Top African CEOs in Trade 2018

Meet the CEOs who are revolutionising global trade and finance – from commodities to fintech, and cybersecurity to food.

Shaping the future of trade in Africa – meet Africa’s best performing CEOs

In our eyes, Africa sees just as many opportunities as challenges.

Africa has started on a process of economic transformation over the past decade. This has led to sustained growth, but political instability, economic challenges, poverty and hunger hinders this. That said, the entrepreneurial ecosystem, young workforce, potential high investment yields and continued investment from neighbouring markets (China, India and Singapore) remain strong.

We’ve identified and interviewed who we believe are the top few CEOs disrupting trade and finance, through cybersecurity and payment fintechs, right through to agri and commodity companies, all ancillary services facilitating trade.

About Trade Finance Global

Trade Finance Global are experts in structured trade finance, helping companies to trade, import or export goods and services.

We have a network of over 270 banks, funds and alternative lenders across different geographies, allowing us to help almost any trading company to access finance.

Find out more here.

YYTZ Agro-Processing

We spoke to Fahad Awadh, who is revolutionising cashew processing in Tanzania

YYTZ Agro-Processing

Fahad Awadh

YYTZ Agro-Processing is a cashew processing company based in Tanzania. YYTZ Agro has been working with rural cashew farmers in the Mtwara and Singida region to help them add value to their own crop and earn more income.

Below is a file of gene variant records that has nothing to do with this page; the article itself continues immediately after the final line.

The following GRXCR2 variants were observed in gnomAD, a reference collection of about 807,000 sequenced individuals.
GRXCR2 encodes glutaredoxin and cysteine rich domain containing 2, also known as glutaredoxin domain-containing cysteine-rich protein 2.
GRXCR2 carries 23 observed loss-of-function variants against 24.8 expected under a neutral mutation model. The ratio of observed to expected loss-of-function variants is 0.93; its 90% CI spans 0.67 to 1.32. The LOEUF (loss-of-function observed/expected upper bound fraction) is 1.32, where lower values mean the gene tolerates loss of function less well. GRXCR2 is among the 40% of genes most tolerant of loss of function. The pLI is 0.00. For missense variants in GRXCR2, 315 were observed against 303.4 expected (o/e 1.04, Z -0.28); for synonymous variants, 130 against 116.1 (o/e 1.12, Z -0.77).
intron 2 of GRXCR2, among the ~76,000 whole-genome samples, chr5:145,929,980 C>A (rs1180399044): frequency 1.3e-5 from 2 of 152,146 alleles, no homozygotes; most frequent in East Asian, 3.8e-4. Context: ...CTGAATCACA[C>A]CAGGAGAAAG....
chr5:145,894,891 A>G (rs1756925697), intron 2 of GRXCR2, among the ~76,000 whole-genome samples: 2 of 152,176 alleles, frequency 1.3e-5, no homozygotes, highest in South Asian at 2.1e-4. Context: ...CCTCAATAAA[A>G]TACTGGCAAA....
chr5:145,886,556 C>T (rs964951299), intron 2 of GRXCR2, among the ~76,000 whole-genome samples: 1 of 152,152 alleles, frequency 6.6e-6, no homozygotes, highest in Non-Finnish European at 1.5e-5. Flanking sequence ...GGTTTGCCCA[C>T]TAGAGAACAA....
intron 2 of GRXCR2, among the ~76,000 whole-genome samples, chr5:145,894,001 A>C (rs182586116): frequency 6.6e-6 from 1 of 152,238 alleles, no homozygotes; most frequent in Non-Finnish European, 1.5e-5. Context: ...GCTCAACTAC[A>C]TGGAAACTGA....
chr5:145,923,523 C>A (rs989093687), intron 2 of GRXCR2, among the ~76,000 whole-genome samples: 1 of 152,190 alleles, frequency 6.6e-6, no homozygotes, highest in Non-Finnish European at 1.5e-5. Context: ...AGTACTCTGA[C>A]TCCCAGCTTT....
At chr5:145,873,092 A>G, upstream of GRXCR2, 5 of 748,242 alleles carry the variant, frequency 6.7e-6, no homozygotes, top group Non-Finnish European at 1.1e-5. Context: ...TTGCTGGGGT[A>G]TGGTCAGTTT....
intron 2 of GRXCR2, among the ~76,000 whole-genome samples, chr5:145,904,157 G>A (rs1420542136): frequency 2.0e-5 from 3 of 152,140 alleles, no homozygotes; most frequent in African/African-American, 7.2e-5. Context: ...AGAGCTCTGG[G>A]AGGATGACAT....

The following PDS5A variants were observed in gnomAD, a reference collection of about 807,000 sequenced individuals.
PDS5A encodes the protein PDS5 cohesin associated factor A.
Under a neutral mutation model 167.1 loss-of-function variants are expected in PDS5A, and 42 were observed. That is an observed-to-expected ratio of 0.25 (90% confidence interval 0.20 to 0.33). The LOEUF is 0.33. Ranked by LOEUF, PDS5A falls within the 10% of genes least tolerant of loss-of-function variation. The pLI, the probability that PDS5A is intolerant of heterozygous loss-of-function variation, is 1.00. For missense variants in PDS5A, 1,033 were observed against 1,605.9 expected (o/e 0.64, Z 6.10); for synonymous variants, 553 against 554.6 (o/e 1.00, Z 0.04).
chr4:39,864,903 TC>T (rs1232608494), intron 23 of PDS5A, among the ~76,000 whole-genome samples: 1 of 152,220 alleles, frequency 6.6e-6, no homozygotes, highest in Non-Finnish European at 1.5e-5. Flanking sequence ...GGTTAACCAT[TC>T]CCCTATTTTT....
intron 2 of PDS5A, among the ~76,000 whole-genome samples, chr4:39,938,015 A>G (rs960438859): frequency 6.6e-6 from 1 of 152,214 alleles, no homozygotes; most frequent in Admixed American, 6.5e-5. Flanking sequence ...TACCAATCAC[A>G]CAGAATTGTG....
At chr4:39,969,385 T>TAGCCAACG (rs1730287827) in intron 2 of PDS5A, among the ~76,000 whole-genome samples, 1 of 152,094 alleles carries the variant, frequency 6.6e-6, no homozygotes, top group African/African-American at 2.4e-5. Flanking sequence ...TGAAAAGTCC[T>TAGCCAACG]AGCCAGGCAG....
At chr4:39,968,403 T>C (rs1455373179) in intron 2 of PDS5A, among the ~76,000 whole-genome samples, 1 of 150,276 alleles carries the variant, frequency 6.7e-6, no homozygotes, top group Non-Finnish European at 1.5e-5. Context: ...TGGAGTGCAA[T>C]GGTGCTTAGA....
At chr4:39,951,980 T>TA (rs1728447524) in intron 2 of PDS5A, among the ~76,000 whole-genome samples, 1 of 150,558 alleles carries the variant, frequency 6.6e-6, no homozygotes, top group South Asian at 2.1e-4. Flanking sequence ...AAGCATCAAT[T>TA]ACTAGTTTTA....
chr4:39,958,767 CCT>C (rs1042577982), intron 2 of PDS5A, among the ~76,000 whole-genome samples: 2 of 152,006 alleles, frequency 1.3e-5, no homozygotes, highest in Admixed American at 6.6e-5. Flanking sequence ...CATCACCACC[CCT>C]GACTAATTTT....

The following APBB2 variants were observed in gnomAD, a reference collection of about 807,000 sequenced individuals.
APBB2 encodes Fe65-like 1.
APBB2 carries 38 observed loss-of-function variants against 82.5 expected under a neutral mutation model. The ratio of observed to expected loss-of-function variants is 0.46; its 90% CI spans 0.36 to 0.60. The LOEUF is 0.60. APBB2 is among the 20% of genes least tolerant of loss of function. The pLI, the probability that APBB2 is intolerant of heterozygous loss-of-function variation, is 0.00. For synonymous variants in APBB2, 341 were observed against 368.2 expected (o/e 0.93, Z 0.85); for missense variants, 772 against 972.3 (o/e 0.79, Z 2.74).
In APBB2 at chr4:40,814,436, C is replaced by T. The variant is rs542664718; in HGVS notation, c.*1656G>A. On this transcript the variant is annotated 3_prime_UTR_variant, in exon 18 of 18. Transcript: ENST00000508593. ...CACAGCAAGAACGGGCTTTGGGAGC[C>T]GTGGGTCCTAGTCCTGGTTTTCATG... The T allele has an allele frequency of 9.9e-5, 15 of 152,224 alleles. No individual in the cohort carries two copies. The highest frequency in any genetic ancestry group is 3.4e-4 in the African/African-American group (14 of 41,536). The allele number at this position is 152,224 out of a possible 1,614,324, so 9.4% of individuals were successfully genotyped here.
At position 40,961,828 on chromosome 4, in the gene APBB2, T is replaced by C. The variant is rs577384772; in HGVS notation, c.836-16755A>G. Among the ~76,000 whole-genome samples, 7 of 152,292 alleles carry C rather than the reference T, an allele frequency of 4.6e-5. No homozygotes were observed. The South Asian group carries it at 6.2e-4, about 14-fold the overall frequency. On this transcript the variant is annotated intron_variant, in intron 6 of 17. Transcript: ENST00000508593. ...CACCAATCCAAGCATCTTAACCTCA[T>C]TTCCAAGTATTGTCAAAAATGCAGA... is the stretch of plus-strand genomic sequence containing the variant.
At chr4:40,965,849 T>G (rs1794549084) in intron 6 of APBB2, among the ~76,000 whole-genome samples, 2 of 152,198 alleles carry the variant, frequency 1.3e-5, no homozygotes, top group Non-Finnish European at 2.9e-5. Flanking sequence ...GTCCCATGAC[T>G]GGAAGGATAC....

YYTZ’s flagship facility is located in Zanzibar, with a processing capacity of 2,500MT per annum. YYTZ recently won $500,000 from AGRA’s Africa Enterprise Challenge Fund competition. They are building a Cashew Farmer Processing Centre in Mtwara. The facility will have modern equipment and adequate storage facilities for farmers to use. Farmers are assured of a market, as YYTZ are the sole off-takers. The semi-processed cashews are purchased at a higher price; they are sent to Zanzibar for finishing before export to European markets. They provide GAP, food safety training in addition to financial literacy and business skills training for their farmer groups. By integrating them in the cashew value chain, the farmers will be able to earn more from their crop. By empowering farmers YYTZ can help alleviate poverty in rural Tanzania.

YYTZ is focused on building an inclusive cashew nut value chain in Africa; focusing on sustainability and traceability. 

What was your inspiration to start your company?

I am a young Tanzanian entrepreneur. Growing up in Toronto, Canada, it was always a dream of mine to come back Tanzania and set up a business. After a visit to Tanzania in late 2012, I decided that I would explore opportunities in processing and value-addition. Tanzania is a very resource rich country, but like many in Africa it lacks local value addition.